Free Guide: Improve Your Organizations Recruitment Strategy

Finding the right person for your organization is crucial. Unfortunately, it can cost way more time and money to hire someone when your organization’s recruitment strategy is disconnected.

In our guide, you’ll learn ideas on how you can adjust your process. From leveraging the most out of the current job market, attracting qualified job seekers, filtering potential candidates, and improving employee referral programs.
We’ll discuss leveraging messaging, job boards, assessments, and candidate experience to substantially increase your ability to cast a net and find the people you need to be talking to.

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People are the number one reason your business is going to simply survive or grow and thrive. When you hire the wrong people, you won’t hit your goals and you won’t see the results you deserve. If your process isn’t razor-sharp the odds of finding the right people fall quickly. When it’s time to hire, make sure your are getting the most out of your hiring processes by implementing a strategic plan.

Look at your process like an assembly line: each step along the way should be assessed, rethought and re-jigged so you know it’s performing at its best. It should be looked at as a process of continual improvement.

In our Guide, we give you actionable steps to improve your recruitment strategy plan by assessing each of the following steps in our recruitment process:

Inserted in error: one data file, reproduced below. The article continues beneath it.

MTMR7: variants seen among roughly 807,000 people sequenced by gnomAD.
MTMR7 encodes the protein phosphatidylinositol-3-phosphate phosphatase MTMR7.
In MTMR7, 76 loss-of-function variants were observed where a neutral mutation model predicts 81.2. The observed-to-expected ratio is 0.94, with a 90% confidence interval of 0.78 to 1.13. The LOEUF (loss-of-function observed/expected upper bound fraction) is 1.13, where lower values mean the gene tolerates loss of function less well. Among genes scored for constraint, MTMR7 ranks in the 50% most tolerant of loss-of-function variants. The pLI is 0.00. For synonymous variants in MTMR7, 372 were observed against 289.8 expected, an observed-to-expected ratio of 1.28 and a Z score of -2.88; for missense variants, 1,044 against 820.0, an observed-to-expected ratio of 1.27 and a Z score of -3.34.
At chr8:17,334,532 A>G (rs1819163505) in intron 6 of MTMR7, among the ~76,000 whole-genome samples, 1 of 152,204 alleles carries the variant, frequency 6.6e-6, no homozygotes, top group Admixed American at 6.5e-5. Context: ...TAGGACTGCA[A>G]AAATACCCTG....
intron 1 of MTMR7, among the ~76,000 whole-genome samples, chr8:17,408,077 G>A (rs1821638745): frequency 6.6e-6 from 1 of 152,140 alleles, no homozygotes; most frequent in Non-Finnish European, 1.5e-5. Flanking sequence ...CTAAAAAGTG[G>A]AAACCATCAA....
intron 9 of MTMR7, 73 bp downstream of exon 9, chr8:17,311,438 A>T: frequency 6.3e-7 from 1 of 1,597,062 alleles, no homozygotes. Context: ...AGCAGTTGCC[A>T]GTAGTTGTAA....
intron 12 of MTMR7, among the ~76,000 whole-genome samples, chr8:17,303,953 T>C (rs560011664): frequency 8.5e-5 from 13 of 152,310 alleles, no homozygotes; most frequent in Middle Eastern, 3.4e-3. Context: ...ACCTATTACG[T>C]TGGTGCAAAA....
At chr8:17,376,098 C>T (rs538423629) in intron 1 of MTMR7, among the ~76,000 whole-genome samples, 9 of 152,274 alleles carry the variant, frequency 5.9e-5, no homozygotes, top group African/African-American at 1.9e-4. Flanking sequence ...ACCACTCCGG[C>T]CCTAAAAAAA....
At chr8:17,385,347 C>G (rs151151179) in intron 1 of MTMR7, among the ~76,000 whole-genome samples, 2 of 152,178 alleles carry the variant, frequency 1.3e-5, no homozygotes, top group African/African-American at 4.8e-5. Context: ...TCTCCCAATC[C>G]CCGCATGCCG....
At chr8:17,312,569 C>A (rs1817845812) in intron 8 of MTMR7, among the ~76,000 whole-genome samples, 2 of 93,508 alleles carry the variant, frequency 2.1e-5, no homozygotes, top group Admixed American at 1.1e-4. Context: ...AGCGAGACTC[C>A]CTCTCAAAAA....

1. Scripting
We’ll talk about improving how you write your job posting. This includes strategies for writing a job ad for job boards rather than using a job description and properly advertising the role. We’ll give you tips to inspire candidates and understand why coming to work for you is a good career and life decision.

2. Broadcasting
Tips on creating a stronger talent pool by leveraging job boards, social media, recruitment partners and employee referrals to attract more candidates.

3. Measuring
Our guide will provide some options of recruiting tools that we’ve found most helpful including Candidate Assessments. It’s a fact that a resume is a bad predictor of performance. It will tell us if a candidate has the education and experience, but it does not tell us if they have the right personality to be a fit for the position.

4. Communicating
Our guide works to provide guidance to help organizations focus on the candidate experience. 81% of candidates will talk about their positive experience and 51% will share their positive experience on sites such as Glassdoor and LinkedIn – even if they didn’t get the job. We’ll walk you through improving your candidate experience and create a healthy employer brand.

Brenda MacLean